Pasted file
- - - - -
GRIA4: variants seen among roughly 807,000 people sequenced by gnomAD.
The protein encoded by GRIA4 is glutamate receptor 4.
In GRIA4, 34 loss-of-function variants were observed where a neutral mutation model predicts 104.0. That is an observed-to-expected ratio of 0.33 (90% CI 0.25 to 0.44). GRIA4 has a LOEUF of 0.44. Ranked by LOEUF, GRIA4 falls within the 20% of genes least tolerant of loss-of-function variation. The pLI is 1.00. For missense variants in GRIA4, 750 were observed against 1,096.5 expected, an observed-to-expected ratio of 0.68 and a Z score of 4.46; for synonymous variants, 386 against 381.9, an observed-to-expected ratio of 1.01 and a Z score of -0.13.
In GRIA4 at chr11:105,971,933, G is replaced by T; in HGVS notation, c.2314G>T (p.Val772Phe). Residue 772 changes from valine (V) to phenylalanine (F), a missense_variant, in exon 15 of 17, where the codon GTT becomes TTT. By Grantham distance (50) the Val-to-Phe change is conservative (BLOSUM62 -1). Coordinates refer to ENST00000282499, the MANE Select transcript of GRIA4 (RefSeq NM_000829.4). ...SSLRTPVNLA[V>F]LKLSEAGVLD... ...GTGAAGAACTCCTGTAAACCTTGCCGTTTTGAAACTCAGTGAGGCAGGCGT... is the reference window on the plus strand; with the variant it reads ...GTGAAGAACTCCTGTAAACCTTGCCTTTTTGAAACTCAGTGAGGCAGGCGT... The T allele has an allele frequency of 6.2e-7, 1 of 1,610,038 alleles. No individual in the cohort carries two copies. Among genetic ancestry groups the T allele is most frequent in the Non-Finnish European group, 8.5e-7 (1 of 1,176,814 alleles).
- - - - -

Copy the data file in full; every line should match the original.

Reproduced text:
GRIA4: variants seen among roughly 807,000 people sequenced by gnomAD.
The protein encoded by GRIA4 is glutamate receptor 4.
In GRIA4, 34 loss-of-function variants were observed where a neutral mutation model predicts 104.0. That is an observed-to-expected ratio of 0.33 (90% CI 0.25 to 0.44). GRIA4 has a LOEUF of 0.44. Ranked by LOEUF, GRIA4 falls within the 20% of genes least tolerant of loss-of-function variation. The pLI is 1.00. For missense variants in GRIA4, 750 were observed against 1,096.5 expected, an observed-to-expected ratio of 0.68 and a Z score of 4.46; for synonymous variants, 386 against 381.9, an observed-to-expected ratio of 1.01 and a Z score of -0.13.
In GRIA4 at chr11:105,971,933, G is replaced by T; in HGVS notation, c.2314G>T (p.Val772Phe). Residue 772 changes from valine (V) to phenylalanine (F), a missense_variant, in exon 15 of 17, where the codon GTT becomes TTT. By Grantham distance (50) the Val-to-Phe change is conservative (BLOSUM62 -1). Coordinates refer to ENST00000282499, the MANE Select transcript of GRIA4 (RefSeq NM_000829.4). ...SSLRTPVNLA[V>F]LKLSEAGVLD... ...GTGAAGAACTCCTGTAAACCTTGCCGTTTTGAAACTCAGTGAGGCAGGCGT... is the reference window on the plus strand; with the variant it reads ...GTGAAGAACTCCTGTAAACCTTGCCTTTTTGAAACTCAGTGAGGCAGGCGT... The T allele has an allele frequency of 6.2e-7, 1 of 1,610,038 alleles. No individual in the cohort carries two copies. Among genetic ancestry groups the T allele is most frequent in the Non-Finnish European group, 8.5e-7 (1 of 1,176,814 alleles).